In the established manufacturers category, Exide and Enersys appear to have tremendous upside potential because they are trading way below their 50- and 200-day average prices and can expect to be revenue leaders as the energy storage sector begins its inexorable march from $20 billion to $100 billion in annual revenues. So while their current price to historical sales ratios of 0.16 and 0.45, respectively, are very low in comparison to the ratios seen in most industries, their current price to anticipated sales ratios rapidly become miniscule. So I have to believe that as the market recovers and the A123 IPO and other events draw investor attention to the energy storage sector, Exide and Enersys will both represent low-risk opportunities for medium-term gains of 100% or more.

Another noteworthy entry in the established manufacturers category is Hong Kong Highpower, a manufacturer of NiMH batteries that earned $1.2 million on second quarter sales of $19 million. HPJ went public in October 2007 through a reverse merger and its trading volume and other statistics indicate that the company is still flying below everyone’s radar. While it is very difficult to predict the amount of time that investor awareness work for a company like HPJ will take before the stock grabs the market’s attention, when the stock starts showing up on investor radar screens the short-term growth potential can be huge. I would not be at all surprised to see HPJ enjoy price gains of 200% to 400% over the next 12 to 18 months.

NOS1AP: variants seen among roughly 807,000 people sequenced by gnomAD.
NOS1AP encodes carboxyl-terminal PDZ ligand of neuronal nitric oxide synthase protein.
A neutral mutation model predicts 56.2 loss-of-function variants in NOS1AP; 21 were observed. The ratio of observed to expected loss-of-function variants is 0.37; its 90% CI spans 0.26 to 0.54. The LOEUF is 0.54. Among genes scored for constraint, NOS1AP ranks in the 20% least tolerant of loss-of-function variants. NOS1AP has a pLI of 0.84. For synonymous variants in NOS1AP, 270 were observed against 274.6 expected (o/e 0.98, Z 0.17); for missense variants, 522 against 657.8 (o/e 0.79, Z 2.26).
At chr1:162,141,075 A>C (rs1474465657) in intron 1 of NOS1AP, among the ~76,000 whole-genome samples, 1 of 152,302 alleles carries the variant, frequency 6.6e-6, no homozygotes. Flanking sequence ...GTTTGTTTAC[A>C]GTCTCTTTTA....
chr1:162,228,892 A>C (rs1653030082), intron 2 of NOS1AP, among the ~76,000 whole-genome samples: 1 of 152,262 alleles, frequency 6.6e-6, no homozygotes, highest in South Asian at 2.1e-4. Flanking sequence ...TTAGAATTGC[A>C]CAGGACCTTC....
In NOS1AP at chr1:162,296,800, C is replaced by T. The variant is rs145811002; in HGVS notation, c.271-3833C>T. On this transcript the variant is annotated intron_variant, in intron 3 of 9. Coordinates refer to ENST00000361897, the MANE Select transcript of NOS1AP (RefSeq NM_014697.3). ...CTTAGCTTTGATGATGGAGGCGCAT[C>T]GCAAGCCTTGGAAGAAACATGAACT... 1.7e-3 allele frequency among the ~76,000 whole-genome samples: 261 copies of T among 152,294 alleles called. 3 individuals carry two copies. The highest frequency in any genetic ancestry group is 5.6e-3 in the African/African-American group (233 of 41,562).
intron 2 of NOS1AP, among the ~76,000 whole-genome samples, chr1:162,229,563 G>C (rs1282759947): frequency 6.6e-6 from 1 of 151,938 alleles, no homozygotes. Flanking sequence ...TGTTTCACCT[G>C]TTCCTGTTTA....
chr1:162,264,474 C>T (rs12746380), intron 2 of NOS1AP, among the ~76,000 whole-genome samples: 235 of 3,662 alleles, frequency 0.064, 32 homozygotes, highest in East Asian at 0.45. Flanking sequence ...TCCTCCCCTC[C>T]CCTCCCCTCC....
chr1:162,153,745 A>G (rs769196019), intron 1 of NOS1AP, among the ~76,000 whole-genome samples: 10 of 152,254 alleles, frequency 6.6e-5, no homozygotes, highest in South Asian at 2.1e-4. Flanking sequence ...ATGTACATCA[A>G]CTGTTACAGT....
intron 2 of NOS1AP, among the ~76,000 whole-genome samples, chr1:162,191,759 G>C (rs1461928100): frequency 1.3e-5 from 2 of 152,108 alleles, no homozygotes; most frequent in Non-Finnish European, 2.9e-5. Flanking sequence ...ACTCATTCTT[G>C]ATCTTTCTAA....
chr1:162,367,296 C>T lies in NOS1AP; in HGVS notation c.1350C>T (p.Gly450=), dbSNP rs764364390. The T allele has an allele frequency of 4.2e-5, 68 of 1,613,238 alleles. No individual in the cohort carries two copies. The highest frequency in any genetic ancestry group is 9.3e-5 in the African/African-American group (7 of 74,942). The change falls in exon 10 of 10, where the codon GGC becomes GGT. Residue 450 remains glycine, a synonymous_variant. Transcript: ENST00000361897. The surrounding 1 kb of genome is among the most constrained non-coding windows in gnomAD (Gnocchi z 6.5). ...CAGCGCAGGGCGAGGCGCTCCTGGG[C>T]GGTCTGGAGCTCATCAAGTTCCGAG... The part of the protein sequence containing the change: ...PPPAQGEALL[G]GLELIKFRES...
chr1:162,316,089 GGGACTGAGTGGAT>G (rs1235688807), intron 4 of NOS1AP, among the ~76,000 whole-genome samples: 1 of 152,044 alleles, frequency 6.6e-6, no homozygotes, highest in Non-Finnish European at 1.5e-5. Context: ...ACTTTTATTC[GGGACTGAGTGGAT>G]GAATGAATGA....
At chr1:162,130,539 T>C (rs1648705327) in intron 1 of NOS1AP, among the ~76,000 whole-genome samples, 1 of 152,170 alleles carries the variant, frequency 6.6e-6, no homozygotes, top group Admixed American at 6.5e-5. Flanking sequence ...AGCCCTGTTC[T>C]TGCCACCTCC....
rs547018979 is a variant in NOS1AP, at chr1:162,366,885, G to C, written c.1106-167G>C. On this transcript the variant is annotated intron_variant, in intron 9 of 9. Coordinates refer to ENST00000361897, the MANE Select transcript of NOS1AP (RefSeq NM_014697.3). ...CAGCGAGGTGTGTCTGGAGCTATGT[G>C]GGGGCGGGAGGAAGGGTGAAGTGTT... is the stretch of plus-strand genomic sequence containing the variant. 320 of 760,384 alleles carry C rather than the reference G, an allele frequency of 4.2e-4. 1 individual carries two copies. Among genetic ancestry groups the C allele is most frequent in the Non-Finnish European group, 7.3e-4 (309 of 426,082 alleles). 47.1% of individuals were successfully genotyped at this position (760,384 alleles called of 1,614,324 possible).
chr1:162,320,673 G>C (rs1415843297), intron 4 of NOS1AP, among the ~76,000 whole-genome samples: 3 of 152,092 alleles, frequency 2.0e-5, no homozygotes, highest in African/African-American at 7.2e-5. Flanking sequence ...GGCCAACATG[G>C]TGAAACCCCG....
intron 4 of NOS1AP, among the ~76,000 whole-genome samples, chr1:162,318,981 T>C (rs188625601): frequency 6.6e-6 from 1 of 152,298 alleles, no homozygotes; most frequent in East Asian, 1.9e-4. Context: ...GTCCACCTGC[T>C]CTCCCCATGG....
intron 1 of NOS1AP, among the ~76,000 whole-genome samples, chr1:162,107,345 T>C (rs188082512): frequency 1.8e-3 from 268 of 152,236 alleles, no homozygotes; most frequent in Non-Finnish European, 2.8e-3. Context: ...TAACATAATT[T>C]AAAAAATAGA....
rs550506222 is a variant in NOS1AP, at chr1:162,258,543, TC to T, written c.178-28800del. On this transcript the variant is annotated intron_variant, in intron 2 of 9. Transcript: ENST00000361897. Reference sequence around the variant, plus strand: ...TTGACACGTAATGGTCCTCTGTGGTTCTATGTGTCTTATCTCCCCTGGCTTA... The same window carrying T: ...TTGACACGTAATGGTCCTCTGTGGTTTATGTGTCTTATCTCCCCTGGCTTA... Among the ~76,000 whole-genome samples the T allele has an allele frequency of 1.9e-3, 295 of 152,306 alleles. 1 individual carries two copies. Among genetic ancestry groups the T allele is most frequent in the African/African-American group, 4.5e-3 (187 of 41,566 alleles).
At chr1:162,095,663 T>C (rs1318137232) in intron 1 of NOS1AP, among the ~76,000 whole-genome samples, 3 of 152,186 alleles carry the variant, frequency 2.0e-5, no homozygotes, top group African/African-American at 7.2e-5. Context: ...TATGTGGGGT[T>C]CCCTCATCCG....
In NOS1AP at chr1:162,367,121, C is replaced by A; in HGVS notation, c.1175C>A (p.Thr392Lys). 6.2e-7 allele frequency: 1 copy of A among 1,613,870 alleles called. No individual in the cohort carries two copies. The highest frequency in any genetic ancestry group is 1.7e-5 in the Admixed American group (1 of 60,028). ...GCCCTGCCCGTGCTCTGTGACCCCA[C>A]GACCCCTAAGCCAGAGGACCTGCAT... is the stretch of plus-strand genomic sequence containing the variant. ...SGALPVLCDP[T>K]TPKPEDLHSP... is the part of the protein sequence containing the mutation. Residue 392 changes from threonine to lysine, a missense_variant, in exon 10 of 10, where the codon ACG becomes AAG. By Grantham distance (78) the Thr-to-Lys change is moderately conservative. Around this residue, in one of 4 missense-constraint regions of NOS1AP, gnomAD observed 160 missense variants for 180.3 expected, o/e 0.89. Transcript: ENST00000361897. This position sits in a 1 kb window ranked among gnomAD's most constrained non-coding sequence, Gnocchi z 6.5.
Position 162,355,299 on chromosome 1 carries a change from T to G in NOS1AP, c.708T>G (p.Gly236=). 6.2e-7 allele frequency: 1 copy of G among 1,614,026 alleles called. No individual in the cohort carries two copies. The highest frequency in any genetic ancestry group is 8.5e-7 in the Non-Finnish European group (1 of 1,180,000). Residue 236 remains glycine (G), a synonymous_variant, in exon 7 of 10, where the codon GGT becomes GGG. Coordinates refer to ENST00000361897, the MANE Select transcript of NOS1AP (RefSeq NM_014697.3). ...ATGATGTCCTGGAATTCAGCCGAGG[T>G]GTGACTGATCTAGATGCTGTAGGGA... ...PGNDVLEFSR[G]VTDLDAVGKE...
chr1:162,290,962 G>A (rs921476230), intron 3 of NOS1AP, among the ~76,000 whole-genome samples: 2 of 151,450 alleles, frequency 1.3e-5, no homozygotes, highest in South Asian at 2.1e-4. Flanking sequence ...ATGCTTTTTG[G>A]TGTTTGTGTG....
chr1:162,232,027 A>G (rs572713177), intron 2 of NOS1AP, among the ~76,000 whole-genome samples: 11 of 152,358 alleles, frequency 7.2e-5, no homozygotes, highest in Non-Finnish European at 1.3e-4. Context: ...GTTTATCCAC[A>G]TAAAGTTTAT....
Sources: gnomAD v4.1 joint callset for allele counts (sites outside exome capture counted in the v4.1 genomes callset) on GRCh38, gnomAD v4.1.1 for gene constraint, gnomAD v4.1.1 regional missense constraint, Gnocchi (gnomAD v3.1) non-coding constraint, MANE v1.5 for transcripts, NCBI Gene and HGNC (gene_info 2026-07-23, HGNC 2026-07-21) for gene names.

In the developing companies category, Beacon and Axion are my favorites in terms of upside potential. Just last week Beacon announced that it had commenced utility grid frequency regulation testing with an array of 10 commercial scale (100 kW/25 kWh) flywheels. I believe this development is enough to move Beacon out of the advanced R&D project stage and into the transition manufacturers stage; which should result in a significant price premium over its historical averages. Likewise, Axion is building out fabrication capacity for commercial quantities of the electrode assemblies used in its PbC batteries, which offer the cost advantages of lead-acid batteries and the longer cycle lives and higher recharge rates of more exotic chemistries. Moreover, Axion is in the same position as HPJ, a solid company with attractive prospects that’s still flying below everyone’s radar. Like HPJ, I would not be at all surprised to see Axion enjoy price gains of 200% to 400% over the next 12 to 18 months.

I’m still an unrepentant bear over the prospects for manufacturers of large-format Li-ion batteries. Li-ion is a great technology for small-format applications where size and weight are mission critical constraints and battery cost is a minor slice of total product cost. But the consensus of informed opinion on the issue still holds that Li-ion batteries are far too costly for vehicles and other large-scale applications. (link: There has been lots of happy-talk about future cost savings in Li-ion manufacturing and I’m sure we’ll hear more of the same in comments to this article. But for all the reasons I’ve outlined in my earlier Seeking Alpha articles that explore the cost issues in greater detail, I remain convinced that significant manufacturing cost savings in the Li-ion niche are not likely to materialize any time soon. Since the established and developing Li-ion manufactures have significantly higher price to sales ratios and generally trade at prices that are not big discounts from the 50-and 200-day averages, I view the upside potential as limited.

Disclosure: Author holds a long position in AXPW.OB and is a former director of that company.